Morning Briefing - January 25, 2021


North Carolina Central opts out of spring football

NCCU announced last Thursday that it is opting-out of competition during the spring semester due to concerns about the health, safety and well-being of its student-athletes because of COVID-19. Instead it is moving forward with a traditional spring practice to prepare for fall play. (HBCU Gameday)

Knoxville College names interim president

Knoxville College last week announced that Dr. Keith Lindsey, Interim President, has stepped down from his position at the college effective December 31, 2020. The Knoxville College Board of Trustees met on January 4, 2021 and elected Leonard Adams to serve as Interim President effective immediately.

Dr. Lindsey provided leadership for Knoxville College for more than 3 ½ years. He has led numerous strategic initiatives on behalf of Knoxville College including campus renovations, state authorization by the Tennessee Higher Education Commission, implementation of the online learning management system for classes, new academic concentrations, and development of an accreditation plan. Knoxville College would like to thank Dr. Lindsey for his service to Knoxville College. (Knoxville College)

Harris’ rise illustrates the evolution of HBCUs

Vice President Kamala Harris, the daughter of Jamaican and Indian immigrants, is the first graduate of a historically Black college or university to enter the White House — and her background reflects the changing demographics at HBCUs. (Axios)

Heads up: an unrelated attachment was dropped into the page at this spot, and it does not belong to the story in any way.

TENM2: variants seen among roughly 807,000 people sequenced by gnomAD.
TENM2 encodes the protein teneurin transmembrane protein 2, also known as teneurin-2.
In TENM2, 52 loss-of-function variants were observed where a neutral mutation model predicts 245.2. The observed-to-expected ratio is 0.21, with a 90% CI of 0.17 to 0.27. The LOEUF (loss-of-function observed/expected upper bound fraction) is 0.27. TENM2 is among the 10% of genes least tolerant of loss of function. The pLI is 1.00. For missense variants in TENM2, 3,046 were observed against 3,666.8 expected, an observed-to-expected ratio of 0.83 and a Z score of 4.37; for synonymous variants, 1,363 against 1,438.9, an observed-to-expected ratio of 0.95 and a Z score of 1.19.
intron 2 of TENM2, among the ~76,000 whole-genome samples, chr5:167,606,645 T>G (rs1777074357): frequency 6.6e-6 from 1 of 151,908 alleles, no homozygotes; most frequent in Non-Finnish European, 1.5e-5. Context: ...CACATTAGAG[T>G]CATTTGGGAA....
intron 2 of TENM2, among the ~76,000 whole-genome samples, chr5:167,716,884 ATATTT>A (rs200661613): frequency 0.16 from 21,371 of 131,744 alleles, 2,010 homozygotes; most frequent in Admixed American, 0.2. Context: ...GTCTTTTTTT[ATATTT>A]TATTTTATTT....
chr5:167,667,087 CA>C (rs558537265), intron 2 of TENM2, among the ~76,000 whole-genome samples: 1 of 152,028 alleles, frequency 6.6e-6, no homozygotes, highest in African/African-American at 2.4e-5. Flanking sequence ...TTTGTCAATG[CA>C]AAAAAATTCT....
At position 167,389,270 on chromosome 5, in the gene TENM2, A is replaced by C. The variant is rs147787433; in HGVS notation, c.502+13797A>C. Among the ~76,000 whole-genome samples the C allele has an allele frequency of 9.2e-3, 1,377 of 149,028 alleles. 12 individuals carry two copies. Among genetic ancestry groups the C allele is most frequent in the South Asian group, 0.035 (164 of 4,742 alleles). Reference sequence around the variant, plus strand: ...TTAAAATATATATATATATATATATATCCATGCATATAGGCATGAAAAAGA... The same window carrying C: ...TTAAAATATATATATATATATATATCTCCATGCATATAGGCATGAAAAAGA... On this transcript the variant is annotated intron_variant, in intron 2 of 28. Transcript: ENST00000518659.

HBCUs are our past — and our future

The route to work is always the same. Leave the highway and turn right on Sandra Bland Parkway. Follow it to its end, past the location where a state trooper stopped Bland’s car—the confrontation that would lead to her arrest and ultimately her death—and drive onto the campus of Texas’s Prairie View A&M University, one of 101 historically Black colleges and universities, or HBCUs. Once there, I see what Bland must have seen on her first day of college, and what I saw on the first day of mine nearly 30 years ago: a beautiful campus with lush oaks and stately buildings that tell the story of a people whose freedom has been forged in the face of injustice and whose joy is political resistance.

Every time I make this drive, now as a professor, I am reminded that the first thing our ancestors did when they were emancipated was erect institutions of higher learning. These campuses house and nurture their most important legacy—the committed pursuit of knowledge and freedom, first imagined and then made real for our children. HBCUs remind us all that Black ingenuity is more resilient than white supremacy. (Elle)